Facebook: Ads were sold to fake accounts linked to Russian Federation


Facebook on Wednesday said that it found evidence of ad spending related to fake accounts "likely operated out of Russia" during the usa presidential election.

Russian disinformation operatives placed about 3,000 paid ads on Facebook over the past two years, according to findings of an investigation released Wednesday afternoon by the social network.

Special counsel Robert Mueller and congressional committees are investigating whether Russian Federation meddled in the election and if that meddling had any connection to President Trump's administration. The ads violated Facebook's policies, and the company said it had shut down the 470 pages and accounts associated with them. But the ads "appeared to focus on amplifying divisive social and political messages across the ideological spectrum", Stamos wrote, saying that the ads keyed on topics such as LGBT matters, race issues and immigration or gun rights.

The Washington Post reports that Facebook told investigators it had $100,000 worth of ad sales to a Russian "troll farm" beginning in the summer of 2015.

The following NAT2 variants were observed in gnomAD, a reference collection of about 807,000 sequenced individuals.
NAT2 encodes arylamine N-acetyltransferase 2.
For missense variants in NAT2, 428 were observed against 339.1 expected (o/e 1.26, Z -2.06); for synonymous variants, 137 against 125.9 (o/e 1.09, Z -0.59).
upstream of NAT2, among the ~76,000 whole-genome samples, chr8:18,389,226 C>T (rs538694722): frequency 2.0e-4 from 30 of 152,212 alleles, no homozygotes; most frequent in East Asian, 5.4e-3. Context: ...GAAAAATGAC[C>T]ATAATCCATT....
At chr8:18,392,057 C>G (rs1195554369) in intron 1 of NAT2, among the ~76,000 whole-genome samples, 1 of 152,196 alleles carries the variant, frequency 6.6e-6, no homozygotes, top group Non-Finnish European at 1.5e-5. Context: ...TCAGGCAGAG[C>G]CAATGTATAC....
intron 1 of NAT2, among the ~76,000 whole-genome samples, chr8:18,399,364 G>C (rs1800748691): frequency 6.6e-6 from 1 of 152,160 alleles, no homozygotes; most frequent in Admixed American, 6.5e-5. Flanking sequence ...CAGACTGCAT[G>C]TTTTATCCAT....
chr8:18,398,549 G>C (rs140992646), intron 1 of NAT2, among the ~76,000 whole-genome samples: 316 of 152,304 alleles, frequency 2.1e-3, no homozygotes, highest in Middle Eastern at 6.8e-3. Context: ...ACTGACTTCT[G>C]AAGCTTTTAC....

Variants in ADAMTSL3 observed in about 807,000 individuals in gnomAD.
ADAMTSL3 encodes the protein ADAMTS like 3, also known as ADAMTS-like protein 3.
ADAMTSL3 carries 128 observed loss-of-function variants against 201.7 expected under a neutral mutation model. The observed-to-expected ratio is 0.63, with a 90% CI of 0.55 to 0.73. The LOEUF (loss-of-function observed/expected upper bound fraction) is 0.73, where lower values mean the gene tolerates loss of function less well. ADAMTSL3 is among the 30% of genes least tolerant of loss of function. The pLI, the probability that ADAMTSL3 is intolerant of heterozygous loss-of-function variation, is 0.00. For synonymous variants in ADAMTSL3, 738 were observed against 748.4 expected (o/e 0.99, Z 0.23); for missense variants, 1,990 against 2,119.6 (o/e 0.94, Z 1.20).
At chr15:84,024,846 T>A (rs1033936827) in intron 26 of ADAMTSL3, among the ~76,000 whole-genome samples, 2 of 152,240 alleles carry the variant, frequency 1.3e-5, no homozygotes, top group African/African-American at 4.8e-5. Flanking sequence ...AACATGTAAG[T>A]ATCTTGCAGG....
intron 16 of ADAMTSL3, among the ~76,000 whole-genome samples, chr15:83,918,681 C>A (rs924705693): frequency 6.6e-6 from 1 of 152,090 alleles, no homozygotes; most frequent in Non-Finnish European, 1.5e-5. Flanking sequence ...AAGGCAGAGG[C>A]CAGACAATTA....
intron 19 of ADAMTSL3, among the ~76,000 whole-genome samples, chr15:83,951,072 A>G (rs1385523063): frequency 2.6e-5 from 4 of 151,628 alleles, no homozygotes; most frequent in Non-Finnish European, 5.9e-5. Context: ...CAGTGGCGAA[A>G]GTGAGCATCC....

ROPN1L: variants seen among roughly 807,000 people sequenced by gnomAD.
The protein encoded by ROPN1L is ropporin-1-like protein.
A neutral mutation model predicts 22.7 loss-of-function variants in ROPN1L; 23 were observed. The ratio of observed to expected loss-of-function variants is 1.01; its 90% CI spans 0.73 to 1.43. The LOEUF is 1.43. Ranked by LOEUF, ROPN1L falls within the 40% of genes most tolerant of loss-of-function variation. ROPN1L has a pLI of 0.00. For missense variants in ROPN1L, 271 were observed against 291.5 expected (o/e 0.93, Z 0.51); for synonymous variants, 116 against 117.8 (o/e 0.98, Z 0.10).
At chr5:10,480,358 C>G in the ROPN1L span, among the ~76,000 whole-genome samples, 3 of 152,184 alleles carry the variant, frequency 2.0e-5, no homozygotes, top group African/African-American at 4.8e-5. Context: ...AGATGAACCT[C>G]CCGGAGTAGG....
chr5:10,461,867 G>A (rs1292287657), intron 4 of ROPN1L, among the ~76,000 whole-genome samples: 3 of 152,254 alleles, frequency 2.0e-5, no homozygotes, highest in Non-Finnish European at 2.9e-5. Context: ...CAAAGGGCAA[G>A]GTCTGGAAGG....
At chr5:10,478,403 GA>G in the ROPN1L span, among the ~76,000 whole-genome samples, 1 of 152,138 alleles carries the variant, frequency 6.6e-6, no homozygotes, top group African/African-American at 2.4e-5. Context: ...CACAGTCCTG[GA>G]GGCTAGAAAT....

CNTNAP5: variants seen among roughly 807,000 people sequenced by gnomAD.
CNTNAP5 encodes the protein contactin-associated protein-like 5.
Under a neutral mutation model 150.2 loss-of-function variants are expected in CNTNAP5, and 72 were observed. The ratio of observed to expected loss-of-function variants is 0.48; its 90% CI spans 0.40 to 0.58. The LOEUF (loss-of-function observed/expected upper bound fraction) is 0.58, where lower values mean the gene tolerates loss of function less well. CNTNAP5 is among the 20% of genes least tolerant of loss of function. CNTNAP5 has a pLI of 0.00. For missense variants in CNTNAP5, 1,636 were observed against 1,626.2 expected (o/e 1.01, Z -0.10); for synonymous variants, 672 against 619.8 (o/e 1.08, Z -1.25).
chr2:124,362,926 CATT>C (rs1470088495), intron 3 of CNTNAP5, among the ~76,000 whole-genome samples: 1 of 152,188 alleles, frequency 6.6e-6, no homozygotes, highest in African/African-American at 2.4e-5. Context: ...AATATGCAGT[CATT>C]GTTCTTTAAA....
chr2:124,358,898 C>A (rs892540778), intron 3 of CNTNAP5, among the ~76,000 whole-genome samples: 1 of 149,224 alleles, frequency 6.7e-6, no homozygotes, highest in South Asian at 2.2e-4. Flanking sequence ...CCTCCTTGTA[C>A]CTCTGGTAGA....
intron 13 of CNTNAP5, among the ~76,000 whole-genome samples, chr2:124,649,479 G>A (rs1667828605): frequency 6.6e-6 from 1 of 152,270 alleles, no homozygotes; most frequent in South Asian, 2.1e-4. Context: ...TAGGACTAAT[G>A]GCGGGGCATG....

"We have shared our findings with United States authorities investigating these issues, and we will continue to work with them as necessary".

"One question that has emerged is whether there's a connection between the Russian efforts and ads purchased on Facebook", Alex Stamos, the company's chief security officer, said in a statement. USA intelligence officials have determined the Kremlin used social media and fake news reports to interfere in the election.

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Most of the ads were run in 2015 and a quarter of them were targeted at a specific region, he added.

Facebook has been struggling with the issue of fake accounts, including organizations seeking to promote posts and generate traffic using bots.

Mr. Stamos said Facebook is cooperating with the investigations.

But while Facebook may be able to limit what people can and can't buy on its platform, it doesn't change the fact that social media has created a stage for anyone looking to spread false information online, with or without ads. It also hunted for other suspect ads and found $50,000 spent on 2,200 ads it says could have been politically related.

Moscow has denied meddling in the US election, and Mr. Trump has denied his campaign colluded with Russian Federation and has called the investigations a "witch hunt".

"We know we have to stay vigilant to keep ahead of people who try to misuse our platform", Stamos said.